The Personal API is how we can create distributed systems. The problems we have with the web at the moment is that they have become too centralised instead of distributed. Centralised systems create a panopticon – and that’s the business model for companies like Facebook and Google. We get services for free but they get to constantly capture our data. One way to defeat this predatory surveillance system is through distribution. It’s a more complex process and way of working but in the broader sense it’s better. It’s hard work – to establish and agree to protocols, standards and to stick by them – but once you have them you’ve created a platform. A platform for individuals to create, innovate and invent. SMTP is a great example of protocol as a platform. Where the standard allowed you to use any service, any application, any client and email would still work. There is no autonomy in these centralised systems, they strip you of the ability to make choices. You don’t get to decide. You don’t get to choose the app, the client, the service – it’s all or nothing. It’s all in their eco-system, on their Terms (of Service). You can’t tweak the timeline. You can’t choose stars instead of hearts. You have no choice because you’re not a participant. You can’t reach out beyond the eco-system. You don’t exist outside the eco-system. A real social network would allow you to socialised with those outside the network, not force them to be part of it. A Personal API can provide the glue to make those connections. To bring people together on their own terms. To create our own civic space through which we can socialise, connect and interact. No longer confined to their space, we can have OUR space.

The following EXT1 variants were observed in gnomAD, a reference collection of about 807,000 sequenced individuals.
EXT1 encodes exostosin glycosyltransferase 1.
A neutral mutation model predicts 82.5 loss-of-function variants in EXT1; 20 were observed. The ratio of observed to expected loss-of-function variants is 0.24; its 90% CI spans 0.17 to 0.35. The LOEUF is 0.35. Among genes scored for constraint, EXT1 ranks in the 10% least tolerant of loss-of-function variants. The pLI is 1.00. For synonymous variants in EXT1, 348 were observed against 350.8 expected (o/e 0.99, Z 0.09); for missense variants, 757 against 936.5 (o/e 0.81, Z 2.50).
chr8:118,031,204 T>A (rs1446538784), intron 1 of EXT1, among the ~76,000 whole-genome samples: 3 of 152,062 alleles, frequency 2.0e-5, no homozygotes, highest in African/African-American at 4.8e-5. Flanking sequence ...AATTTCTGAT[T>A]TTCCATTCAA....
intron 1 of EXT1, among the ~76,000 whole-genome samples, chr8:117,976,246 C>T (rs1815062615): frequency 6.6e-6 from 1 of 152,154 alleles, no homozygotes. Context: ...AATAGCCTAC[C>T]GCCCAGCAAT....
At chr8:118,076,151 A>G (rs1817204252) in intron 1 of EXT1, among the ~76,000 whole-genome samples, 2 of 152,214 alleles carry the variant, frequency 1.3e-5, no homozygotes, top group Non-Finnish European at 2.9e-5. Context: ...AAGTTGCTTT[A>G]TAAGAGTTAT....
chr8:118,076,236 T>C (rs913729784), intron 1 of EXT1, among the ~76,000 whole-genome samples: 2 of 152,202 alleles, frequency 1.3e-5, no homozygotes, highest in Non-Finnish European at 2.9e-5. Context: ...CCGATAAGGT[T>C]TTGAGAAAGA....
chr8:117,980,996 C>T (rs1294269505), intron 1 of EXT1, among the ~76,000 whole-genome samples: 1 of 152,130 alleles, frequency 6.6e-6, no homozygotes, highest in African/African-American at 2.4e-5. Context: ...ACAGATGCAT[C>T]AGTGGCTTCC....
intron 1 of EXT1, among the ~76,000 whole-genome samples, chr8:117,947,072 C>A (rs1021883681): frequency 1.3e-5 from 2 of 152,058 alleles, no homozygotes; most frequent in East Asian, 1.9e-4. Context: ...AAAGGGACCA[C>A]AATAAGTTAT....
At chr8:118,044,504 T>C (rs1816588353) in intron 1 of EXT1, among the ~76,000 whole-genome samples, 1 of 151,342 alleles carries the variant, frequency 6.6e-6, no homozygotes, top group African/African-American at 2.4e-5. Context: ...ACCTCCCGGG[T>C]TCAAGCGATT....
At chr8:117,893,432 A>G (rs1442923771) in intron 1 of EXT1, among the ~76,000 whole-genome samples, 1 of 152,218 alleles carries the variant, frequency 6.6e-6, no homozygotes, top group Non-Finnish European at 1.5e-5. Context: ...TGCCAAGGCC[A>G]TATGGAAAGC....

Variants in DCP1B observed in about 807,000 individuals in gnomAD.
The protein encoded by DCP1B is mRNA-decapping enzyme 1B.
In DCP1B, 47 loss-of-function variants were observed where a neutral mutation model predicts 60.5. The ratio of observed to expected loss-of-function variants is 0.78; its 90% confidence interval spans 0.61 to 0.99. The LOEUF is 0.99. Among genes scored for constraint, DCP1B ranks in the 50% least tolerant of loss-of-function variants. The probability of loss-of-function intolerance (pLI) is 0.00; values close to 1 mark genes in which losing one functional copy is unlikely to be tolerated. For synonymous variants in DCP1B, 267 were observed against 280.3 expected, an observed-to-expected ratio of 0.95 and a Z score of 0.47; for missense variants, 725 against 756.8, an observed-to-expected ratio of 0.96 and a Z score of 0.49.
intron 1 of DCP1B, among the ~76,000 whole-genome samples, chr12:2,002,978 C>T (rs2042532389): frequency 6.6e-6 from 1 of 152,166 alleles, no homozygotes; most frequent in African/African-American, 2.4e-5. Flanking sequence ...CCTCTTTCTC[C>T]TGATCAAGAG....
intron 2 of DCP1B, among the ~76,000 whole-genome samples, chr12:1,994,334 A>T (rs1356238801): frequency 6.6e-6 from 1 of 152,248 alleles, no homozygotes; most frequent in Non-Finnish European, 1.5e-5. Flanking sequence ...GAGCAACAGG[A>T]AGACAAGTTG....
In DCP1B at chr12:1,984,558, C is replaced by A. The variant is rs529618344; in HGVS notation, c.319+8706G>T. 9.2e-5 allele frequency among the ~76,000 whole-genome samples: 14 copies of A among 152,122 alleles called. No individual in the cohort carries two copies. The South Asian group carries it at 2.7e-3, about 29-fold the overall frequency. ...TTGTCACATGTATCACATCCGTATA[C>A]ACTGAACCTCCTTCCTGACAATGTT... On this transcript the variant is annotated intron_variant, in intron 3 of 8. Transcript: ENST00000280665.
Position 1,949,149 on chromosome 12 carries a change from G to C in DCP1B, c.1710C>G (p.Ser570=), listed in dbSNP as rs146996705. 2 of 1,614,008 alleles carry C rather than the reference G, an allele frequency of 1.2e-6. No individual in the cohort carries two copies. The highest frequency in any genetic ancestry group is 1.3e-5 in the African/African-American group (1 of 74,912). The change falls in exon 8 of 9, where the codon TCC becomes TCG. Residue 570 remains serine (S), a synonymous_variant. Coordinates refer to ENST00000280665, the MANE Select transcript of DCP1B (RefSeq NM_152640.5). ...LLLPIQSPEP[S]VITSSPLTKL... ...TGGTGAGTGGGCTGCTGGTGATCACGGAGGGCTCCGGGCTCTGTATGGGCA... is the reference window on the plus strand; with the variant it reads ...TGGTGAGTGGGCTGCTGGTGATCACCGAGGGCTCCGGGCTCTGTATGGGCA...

The Personal API provides the system for choice. It provides a way to PUSH information out into the world and to choose how you’re connected. But it also allows you to decide how information and interactions could be PULLed back. That it’s not just about the act of publishing, there’s the possibility of hospitality. That you can welcome someone in to access you data. That it’s not just about feeding their database, filling in their forms to create an “asset” – instead you can welcome them into your world. What if we started to participate in these transaction? If instead of filling in another form with exactly the same information again, what if we had a handshake – an exchange of data that is mutually agreed to and one that is built on the premise of hospitality, not authority.
As a complete aside I just wanted to include this rant about forms. If there’s one thing that the Personal API should make redundant it f$@!king online forms.